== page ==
Germany Demands More Permanent Members For UN Security Council

The German Foreign Affairs Minister, Guido Westerwelle has made a strong case for the inclusion of African nations and Latin American countries with more Asian countries in the United Nations Security Council.

According to the Minister, the inclusion of more member nations in the Security Council will enhance the capacity and authority of the international organization in addressing and avoiding conflicts of today’s world.

Westerwelle made this known during his remarks to questions from journalists after his keynote address at the 2013 Deutsche Welle Global Media Forum in the United Nations city of Bonn, Germany.

Mr Westerwelle noted that all the United Nations institutions as they are, still reflect how the world was after the Second World War and these institutions need urgent reforms to reflect the dimension of today’s globalized world with emerging nations.

“The United Nations reflect in their structures, the world, how it was after World War Two but it is not the current reflection and the fact that all Latin America is not represented permanently in the Security Council of the United Nations with one voice, doesn’t have anything to do with the world of today.”

“These are old structures” he stated to a rousing applause from the audience.

“Ladies and gentlemen, the fact that the whole of the African continent not doesn’t have a single voice, doesn’t have a permanent seat in the Security Council of the United Nations is the world of the past and not of today and not even anything of the future” he told over 2,000 journalists at the World Conference centre in Bonn.

He further decried that “the whole of Asian continent has only one voice, the voice of China in the UN Security Council.

This, he noted “doesn’t reflect the power of relation in the world we are living in and it reflects the situation when the United Nations were established and not really future development.”

The Minister called for the reform of all international organisations to be more representative, warning that not doing so will only ‘weaken’ the institutions.

“The international institutions of the world have to be more representative. If they are not representative, we will weaken them.”

“So all the continents, all success stories has to reflect in all international organization, only then will this international organization have sufficient authority in the world to avoid and overcome conflict.”

The United Nations Security Council is one of the six principal organs of the United Nations and is charged with the maintenance of international peace and security. Its powers, outlined in the United Nations Charter, include the establishment of peacekeeping operations, the establishment of international sanctions, and the authorization of military action.

There are 15 members of the Security Council. This includes five veto-wielding permanent members—China, France, Russia, the United Kingdom, and the United States—based on the great powers that were the victors of World War II.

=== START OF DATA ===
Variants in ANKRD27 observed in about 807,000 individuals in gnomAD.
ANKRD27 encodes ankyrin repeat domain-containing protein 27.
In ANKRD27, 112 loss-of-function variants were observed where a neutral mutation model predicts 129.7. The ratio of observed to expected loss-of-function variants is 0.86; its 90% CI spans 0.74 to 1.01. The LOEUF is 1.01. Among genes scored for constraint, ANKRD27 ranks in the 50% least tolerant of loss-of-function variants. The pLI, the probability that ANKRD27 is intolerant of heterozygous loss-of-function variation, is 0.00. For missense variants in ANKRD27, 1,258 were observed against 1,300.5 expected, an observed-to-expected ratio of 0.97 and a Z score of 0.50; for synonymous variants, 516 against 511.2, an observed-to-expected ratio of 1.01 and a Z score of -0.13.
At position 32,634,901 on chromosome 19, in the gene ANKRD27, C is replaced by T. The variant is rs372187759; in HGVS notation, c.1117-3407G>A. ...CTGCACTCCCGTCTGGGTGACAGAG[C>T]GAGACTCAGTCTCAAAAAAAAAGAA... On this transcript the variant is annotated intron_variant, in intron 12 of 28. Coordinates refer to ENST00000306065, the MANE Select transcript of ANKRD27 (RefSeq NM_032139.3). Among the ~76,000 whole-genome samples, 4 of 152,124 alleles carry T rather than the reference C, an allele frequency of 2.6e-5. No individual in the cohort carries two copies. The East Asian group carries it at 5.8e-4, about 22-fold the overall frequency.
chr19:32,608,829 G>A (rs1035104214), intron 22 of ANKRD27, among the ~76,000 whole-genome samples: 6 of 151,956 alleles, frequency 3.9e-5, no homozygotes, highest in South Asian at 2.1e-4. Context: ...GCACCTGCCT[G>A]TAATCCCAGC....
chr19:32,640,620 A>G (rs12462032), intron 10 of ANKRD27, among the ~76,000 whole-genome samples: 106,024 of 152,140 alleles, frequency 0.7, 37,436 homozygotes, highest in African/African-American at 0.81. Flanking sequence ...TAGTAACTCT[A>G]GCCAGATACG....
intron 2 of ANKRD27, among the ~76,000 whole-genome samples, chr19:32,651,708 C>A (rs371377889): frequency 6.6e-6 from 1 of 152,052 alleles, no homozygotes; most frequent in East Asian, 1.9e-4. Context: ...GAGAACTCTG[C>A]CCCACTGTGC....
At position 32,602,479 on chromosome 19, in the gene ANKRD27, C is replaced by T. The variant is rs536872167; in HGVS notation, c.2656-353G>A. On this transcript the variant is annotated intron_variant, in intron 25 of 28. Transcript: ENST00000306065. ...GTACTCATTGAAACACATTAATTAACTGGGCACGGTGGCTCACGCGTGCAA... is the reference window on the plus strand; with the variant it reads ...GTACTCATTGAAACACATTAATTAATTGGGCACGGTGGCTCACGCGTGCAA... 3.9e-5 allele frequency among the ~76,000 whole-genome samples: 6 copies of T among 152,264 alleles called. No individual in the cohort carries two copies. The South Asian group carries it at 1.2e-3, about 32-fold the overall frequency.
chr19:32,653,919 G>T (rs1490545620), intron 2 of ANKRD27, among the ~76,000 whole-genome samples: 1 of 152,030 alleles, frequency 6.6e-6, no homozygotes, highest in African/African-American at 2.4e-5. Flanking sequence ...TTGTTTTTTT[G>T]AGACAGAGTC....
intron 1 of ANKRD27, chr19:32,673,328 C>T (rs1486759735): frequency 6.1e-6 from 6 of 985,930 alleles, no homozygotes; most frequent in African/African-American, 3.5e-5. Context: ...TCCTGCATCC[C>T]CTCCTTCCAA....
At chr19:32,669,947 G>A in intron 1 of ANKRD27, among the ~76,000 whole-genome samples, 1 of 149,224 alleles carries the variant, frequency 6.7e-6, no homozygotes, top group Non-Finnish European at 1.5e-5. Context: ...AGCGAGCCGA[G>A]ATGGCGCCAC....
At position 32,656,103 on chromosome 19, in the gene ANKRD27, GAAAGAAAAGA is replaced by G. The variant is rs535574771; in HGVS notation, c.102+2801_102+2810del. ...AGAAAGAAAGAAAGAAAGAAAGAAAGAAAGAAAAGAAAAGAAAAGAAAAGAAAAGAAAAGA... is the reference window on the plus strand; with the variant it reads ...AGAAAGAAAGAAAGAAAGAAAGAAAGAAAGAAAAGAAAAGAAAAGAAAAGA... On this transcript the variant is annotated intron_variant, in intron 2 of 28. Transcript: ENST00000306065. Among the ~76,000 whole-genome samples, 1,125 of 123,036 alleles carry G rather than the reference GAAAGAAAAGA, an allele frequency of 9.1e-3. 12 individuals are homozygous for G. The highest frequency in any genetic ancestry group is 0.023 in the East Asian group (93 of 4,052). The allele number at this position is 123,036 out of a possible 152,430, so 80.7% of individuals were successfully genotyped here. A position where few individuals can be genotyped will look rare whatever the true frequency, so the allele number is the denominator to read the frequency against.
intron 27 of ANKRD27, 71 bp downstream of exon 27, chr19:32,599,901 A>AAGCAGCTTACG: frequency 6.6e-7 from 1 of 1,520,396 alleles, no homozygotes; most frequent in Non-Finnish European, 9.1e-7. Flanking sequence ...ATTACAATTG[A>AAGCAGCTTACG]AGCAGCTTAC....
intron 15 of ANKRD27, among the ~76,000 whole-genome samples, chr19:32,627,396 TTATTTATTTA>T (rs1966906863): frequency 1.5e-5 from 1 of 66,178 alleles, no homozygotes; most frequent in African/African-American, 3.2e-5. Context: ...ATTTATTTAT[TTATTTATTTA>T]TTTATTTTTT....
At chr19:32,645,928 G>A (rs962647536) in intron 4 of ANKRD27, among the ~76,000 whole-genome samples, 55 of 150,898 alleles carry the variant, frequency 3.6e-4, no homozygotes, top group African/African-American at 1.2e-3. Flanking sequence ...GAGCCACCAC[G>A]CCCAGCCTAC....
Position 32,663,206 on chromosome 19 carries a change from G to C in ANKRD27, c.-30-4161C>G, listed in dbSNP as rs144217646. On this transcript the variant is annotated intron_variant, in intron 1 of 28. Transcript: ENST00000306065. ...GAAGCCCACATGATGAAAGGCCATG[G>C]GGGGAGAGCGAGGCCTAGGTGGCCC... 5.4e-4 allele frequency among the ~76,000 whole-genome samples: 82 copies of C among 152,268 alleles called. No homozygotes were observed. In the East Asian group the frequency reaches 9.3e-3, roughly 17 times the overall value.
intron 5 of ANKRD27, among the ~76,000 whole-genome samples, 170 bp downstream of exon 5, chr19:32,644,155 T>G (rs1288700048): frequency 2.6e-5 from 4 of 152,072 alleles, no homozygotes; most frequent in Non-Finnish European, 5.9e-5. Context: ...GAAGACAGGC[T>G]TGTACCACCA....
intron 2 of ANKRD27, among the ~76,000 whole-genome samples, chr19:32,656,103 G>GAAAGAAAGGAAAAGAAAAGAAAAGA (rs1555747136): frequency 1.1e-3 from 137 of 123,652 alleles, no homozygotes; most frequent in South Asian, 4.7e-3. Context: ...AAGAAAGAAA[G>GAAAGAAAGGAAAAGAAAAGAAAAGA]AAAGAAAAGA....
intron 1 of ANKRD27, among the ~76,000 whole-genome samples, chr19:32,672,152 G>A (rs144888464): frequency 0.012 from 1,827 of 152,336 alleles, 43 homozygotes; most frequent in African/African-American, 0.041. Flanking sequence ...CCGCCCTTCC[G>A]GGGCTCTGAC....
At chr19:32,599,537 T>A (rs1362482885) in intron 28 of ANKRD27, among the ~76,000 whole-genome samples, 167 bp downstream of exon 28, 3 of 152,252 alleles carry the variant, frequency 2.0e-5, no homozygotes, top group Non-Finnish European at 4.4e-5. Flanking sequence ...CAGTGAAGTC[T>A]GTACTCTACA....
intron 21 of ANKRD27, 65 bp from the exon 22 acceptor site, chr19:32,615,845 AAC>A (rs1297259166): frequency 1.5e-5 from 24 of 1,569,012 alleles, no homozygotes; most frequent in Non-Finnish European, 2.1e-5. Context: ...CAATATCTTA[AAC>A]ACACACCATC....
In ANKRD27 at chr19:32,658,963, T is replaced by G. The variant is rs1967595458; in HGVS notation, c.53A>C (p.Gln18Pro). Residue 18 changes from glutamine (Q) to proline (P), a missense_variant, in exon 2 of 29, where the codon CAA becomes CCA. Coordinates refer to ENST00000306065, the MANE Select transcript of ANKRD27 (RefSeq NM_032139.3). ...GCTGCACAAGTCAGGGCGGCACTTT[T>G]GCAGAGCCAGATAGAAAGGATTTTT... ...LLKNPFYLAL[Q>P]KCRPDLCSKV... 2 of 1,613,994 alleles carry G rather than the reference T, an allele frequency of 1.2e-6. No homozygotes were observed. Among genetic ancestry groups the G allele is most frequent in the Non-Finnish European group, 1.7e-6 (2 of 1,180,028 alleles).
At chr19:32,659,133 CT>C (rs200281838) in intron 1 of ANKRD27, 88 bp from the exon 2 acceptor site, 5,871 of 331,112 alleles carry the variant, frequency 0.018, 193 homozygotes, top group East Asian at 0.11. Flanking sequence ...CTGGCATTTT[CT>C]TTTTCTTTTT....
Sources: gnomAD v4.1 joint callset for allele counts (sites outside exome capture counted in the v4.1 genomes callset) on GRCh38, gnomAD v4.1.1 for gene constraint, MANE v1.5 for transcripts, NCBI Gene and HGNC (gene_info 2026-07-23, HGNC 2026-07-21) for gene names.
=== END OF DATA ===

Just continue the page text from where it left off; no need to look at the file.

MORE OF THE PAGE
There are also 10 non-permanent members, with five elected each year to serve two-year terms. This basic structure is set out in Chapter V of the UN Charter.

Nigeria is currently in the forefront of demanding reforms of the UN Security Council as it seeks to take the African slot for a permanent seat with contemporaries such as South Africa and Egypt.

Classical Relationship

Mr Westerwelle also revealed that the German government under Angela Merkel has agreed to further intensify its relationship with African nations, describing the partnership as a ‘classical relationship’ which must “be intensified.”

He described as it as “linking up with the new powers of the world in a strategic way.”

By Ayo Okulaja

ECOWAS set to deploy troops to Mali and Guinea Bissau

The Economic Community of West African States (ECOWAS) says it will meet the 45-day deadline set by the UN Security Council for the final adoption of the modalities on the deployment of troops to Mali in line with resolutions 2056 and 2071 of the Security Council of the United Nations.

This formed the discussion at an extra ordinary meeting of foreign and defence ministers of member countries.

ECOWAS Commission President, Mr. Kadre Desire Ouedraogo said there is need for a twin approach to the Mali crisis, combining dialogue with military pressure to help Mali dismantle terrorist networks and regain her territorial integrity.

The meeting became crucial as the sub-region finalises plan on the adoption of the United Nation Security Council resolution on Mali and Guinea Bissau.

The resolution will allow for international military intervention in Mali following the capture of the northern part of the country by different armed groups.

Ouedrago observed the urgent need to halt the mafia and criminal practices of terrorist groups and the atrocities committed with impunity by the extremists.

The meeting, he says, will address the concepts of operations for clearly defining the stages of the operating procedures and methods for the planned deployment.

Lending her voice to that of the president of the commission, the ECOWAS Commissioner for Political Affairs, Missus Salamatu Suleiman explains issues that will be considered at the meeting.

Nigeria’s Minister of State for Foreign Affairs, Dr. Nurudeen Mohammed warned that tackling the crisis in Mali and other parts of the West African sub-region is no longer an option but a necessity.

The recommendation of the council will be presented to the extraordinary summit of the ECOWAS Heads of State and Government on Sunday to give additional guidelines regarding the resolution of the crisis for onward transmission to the African Union which will also transmit to the United Nation.